Heritage advice recommends that any planting in the garden beds leading up to the 1929 war memorial should be low in height (below 600mm) to keep a clear view of the path up to the memorial.

Heritage advice also recommends that the southern former petanque bowling area be preserved as an open space for community use.

This area hasn’t been used for several years and has heritage elements, such as views:

  • across and between the former green
  • of other bowling greens
  • of the club house
  • of the park.

You can read the St James Park Heritage Advice in the Document library.

What we need to do

There are elm trees that have come to the end of their life in St James Park. Replacing these trees will make the park avenues safer and improve the canopy cover as the trees mature over time.

For the best chance of success, we need to remove and replace these trees in groups. In the past, we have tried replacing aging trees one-at-a-time along the northern avenue of the park. Unfortunately, these trees haven’t grown well. This is because younger trees that were planted in dry conditions have had to compete with the nearby larger established trees for water, nutrients and light.

We also need to prepare the sites for the new plantings. This means there will be trees missing from the park for a while after those that need to be replaced are removed. It’s important to make sure the soils are improved before new trees are planted.

We need to replace the trees in the central diagonal avenue with a different species that will be better suited to the climate now and into the future. We will start removing trees and aim to plant new trees in the central diagonal avenue during the tree planting season between May and September 2022.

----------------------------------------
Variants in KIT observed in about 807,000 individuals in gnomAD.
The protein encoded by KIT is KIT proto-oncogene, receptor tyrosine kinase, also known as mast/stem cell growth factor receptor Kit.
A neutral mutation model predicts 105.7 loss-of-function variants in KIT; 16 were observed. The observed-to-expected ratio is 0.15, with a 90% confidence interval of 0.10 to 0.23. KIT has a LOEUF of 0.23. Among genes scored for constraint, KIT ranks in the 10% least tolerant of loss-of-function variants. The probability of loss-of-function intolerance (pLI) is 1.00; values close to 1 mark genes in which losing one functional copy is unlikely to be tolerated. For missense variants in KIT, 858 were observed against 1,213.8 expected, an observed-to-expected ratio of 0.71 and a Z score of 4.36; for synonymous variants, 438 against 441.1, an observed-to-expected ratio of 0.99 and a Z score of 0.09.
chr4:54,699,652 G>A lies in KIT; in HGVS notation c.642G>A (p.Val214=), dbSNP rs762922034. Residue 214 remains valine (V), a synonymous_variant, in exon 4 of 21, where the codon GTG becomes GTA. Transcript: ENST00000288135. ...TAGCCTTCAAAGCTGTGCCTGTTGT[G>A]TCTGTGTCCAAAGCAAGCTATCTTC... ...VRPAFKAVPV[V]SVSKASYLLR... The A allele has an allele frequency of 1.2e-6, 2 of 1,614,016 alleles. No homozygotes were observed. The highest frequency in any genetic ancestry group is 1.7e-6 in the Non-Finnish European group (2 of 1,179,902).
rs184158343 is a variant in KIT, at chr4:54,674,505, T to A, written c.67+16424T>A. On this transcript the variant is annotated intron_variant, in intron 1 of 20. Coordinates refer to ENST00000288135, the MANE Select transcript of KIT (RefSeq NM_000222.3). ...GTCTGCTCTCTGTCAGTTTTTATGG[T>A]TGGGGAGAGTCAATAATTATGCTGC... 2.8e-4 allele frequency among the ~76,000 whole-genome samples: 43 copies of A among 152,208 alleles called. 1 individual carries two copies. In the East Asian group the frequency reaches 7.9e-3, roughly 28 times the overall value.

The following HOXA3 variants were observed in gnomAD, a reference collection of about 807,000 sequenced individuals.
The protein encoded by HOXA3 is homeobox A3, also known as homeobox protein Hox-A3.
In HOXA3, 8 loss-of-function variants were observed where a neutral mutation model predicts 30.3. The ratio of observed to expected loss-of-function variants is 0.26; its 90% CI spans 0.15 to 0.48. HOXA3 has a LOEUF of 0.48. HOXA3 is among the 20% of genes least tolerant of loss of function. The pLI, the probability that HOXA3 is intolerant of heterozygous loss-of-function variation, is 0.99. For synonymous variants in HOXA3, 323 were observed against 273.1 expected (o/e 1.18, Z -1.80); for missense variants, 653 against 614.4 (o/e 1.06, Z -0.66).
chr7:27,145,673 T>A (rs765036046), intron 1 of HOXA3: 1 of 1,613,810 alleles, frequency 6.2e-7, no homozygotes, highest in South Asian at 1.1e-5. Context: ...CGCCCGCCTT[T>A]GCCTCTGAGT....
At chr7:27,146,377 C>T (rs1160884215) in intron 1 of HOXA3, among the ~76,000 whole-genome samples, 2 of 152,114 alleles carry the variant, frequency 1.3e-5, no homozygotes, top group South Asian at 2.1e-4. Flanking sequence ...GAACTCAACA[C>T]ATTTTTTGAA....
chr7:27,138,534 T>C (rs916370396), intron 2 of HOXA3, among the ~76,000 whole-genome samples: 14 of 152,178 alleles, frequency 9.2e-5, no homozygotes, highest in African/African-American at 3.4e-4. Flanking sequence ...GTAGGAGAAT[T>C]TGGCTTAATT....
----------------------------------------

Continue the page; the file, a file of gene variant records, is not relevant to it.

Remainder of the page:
Between 2023–25, we will replace the elm trees at the end of their life in the southern avenue with new elms. This avenue has more shelter and will still be suitable for elms – unlike the less sheltered central diagonal avenue.

When arborists prune deadwood from aging trees, they might find out there is more damage to a tree than what they could see from the ground. For example, a large split in a top branch that puts people’s safety at risk. As much as possible, arborists will try to save the tree. However, in extreme cases a tree may need to be removed. This means we may find other trees outside of the central diagonal avenue and southern avenue that need to be removed and replaced.

We are looking at other ways to improve the park, including:

  • planting new garden beds along the path to the war memorial.
  • planting new trees in open lawn areas across the park to provide more shade and comfort for the community.

3 ways to have your say

We want your feedback to help us shape a draft Master Plan, which will include the Tree Management Plan.

We want to know:

  • how you use the park and what you enjoy most about the park
  • your preferred approach for replacing the elm trees in the central diagonal avenue and in the southern avenue
  • which new tree species you would prefer to see planted in the central diagonal avenue
  • your preferred option for replanting the garden beds near the war memorial
  • how you would like to see the southern former petanque bowling area used in future.